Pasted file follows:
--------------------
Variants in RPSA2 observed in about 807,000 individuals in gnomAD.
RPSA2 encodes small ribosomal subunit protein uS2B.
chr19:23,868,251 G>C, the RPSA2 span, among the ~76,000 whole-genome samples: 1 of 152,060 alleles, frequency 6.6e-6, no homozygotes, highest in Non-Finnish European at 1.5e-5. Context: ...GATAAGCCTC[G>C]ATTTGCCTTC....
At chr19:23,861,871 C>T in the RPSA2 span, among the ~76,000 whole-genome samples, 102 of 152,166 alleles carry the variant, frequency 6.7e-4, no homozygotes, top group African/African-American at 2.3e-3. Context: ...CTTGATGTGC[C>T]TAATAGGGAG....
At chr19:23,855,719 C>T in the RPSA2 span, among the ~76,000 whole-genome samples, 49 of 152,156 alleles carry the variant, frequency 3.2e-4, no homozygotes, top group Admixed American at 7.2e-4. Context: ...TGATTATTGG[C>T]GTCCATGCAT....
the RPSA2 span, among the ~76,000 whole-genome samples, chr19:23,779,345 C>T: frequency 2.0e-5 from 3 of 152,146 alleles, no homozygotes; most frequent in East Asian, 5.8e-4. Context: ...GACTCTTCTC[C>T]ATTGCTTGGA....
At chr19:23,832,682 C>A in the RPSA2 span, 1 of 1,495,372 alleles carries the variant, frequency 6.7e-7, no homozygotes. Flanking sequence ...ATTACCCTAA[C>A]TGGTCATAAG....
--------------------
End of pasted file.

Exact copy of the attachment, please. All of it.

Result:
Variants in RPSA2 observed in about 807,000 individuals in gnomAD.
RPSA2 encodes small ribosomal subunit protein uS2B.
chr19:23,868,251 G>C, the RPSA2 span, among the ~76,000 whole-genome samples: 1 of 152,060 alleles, frequency 6.6e-6, no homozygotes, highest in Non-Finnish European at 1.5e-5. Context: ...GATAAGCCTC[G>C]ATTTGCCTTC....
At chr19:23,861,871 C>T in the RPSA2 span, among the ~76,000 whole-genome samples, 102 of 152,166 alleles carry the variant, frequency 6.7e-4, no homozygotes, top group African/African-American at 2.3e-3. Context: ...CTTGATGTGC[C>T]TAATAGGGAG....
At chr19:23,855,719 C>T in the RPSA2 span, among the ~76,000 whole-genome samples, 49 of 152,156 alleles carry the variant, frequency 3.2e-4, no homozygotes, top group Admixed American at 7.2e-4. Context: ...TGATTATTGG[C>T]GTCCATGCAT....
the RPSA2 span, among the ~76,000 whole-genome samples, chr19:23,779,345 C>T: frequency 2.0e-5 from 3 of 152,146 alleles, no homozygotes; most frequent in East Asian, 5.8e-4. Context: ...GACTCTTCTC[C>T]ATTGCTTGGA....
At chr19:23,832,682 C>A in the RPSA2 span, 1 of 1,495,372 alleles carries the variant, frequency 6.7e-7, no homozygotes. Flanking sequence ...ATTACCCTAA[C>A]TGGTCATAAG....